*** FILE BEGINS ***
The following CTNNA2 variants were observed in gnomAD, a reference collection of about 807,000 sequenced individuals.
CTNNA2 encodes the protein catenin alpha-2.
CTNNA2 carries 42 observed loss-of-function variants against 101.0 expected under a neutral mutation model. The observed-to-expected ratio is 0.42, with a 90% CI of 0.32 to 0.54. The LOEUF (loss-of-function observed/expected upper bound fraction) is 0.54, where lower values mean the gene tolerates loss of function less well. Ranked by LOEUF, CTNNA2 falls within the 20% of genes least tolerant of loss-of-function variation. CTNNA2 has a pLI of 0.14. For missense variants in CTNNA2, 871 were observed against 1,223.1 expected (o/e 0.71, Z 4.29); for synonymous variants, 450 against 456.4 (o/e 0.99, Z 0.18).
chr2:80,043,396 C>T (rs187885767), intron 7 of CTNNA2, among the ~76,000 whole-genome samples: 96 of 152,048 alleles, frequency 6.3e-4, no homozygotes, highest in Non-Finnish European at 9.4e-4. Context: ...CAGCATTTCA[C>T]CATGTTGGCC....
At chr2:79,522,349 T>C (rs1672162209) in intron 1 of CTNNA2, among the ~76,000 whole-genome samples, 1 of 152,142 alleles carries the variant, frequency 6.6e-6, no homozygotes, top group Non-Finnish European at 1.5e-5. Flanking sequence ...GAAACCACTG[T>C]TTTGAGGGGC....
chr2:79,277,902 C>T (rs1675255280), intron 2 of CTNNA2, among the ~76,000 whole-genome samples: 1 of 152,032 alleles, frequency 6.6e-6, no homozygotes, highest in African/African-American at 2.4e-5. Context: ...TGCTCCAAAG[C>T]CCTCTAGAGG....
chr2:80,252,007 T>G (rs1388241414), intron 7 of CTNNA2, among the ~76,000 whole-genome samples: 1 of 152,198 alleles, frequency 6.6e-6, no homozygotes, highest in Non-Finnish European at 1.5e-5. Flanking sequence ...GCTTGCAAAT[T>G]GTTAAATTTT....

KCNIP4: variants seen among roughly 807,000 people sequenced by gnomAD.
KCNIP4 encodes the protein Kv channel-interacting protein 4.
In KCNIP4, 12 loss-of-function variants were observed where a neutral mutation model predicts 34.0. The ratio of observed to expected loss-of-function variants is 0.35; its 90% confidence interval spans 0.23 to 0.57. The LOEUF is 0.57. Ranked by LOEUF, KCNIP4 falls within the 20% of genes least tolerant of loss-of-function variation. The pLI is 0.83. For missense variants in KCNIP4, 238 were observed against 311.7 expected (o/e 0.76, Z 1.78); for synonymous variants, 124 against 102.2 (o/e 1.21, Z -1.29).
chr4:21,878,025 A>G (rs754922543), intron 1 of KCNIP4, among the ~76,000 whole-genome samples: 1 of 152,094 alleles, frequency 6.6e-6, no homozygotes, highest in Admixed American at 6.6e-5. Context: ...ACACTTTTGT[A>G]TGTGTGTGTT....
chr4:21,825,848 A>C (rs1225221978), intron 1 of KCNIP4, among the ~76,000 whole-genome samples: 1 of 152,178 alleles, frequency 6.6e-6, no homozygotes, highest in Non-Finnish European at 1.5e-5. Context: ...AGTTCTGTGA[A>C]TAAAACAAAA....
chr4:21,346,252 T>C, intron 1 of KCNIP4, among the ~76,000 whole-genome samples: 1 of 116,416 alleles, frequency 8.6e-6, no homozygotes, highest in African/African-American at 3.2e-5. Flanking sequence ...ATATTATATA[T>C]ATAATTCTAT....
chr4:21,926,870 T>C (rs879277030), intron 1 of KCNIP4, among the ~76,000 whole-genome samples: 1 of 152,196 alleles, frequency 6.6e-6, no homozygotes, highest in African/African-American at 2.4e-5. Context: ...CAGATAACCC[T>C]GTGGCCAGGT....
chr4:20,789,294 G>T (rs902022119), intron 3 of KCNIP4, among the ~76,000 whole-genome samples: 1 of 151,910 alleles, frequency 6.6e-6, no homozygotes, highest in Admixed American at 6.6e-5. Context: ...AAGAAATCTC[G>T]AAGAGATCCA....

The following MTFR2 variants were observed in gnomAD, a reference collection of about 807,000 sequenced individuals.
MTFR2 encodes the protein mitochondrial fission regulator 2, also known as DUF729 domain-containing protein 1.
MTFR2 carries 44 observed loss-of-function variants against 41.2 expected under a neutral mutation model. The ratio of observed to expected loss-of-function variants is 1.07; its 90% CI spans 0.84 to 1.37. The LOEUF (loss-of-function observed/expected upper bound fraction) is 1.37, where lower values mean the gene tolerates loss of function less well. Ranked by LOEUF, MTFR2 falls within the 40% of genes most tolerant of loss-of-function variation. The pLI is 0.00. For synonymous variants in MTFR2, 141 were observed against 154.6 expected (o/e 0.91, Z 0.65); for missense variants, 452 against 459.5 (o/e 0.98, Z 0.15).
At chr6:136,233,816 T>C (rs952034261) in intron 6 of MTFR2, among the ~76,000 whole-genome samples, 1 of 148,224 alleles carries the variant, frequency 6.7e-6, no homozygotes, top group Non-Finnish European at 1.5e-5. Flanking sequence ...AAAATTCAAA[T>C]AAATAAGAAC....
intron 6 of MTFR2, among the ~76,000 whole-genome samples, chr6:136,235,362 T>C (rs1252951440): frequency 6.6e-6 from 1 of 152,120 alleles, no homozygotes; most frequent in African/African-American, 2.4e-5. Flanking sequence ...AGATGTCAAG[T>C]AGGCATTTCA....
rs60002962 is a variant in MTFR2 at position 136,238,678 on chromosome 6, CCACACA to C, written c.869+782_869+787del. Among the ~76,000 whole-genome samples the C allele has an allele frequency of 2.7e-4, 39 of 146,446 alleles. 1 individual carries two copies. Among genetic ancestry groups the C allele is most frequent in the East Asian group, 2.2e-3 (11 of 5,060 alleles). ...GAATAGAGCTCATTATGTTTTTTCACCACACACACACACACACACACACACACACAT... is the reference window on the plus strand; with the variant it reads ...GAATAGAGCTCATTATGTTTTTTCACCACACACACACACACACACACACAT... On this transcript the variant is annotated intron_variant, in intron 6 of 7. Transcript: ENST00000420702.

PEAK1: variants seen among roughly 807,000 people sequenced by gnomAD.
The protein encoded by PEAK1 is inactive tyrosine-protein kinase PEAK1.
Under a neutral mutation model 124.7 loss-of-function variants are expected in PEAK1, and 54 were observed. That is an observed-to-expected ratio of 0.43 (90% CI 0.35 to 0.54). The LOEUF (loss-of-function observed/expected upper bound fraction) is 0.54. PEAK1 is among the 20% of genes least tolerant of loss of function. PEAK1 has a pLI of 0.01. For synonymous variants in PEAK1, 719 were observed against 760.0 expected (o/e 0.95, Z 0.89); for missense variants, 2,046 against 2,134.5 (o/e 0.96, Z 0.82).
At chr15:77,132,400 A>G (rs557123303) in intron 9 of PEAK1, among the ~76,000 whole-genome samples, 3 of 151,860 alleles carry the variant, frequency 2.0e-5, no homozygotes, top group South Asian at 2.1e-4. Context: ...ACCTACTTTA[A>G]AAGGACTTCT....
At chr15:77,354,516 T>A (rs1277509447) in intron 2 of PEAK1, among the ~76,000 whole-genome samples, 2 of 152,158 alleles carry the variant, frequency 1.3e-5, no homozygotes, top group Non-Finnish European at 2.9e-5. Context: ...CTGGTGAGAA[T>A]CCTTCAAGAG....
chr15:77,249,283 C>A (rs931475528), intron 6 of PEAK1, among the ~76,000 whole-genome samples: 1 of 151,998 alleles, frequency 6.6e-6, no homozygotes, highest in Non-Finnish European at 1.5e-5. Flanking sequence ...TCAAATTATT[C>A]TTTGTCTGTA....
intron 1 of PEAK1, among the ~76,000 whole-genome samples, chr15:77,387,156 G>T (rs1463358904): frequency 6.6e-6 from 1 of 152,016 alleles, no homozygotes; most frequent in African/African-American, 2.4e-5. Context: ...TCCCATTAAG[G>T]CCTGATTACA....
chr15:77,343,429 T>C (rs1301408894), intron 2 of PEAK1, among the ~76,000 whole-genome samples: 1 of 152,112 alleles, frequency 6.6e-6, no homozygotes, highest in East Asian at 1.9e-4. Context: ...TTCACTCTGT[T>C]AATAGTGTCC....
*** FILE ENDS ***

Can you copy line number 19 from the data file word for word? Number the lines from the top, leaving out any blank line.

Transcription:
At chr6:136,233,816 T>C (rs952034261) in intron 6 of MTFR2, among the ~76,000 whole-genome samples, 1 of 148,224 alleles carries the variant, frequency 6.7e-6, no homozygotes, top group Non-Finnish European at 1.5e-5. Flanking sequence ...AAAATTCAAA[T>C]AAATAAGAAC....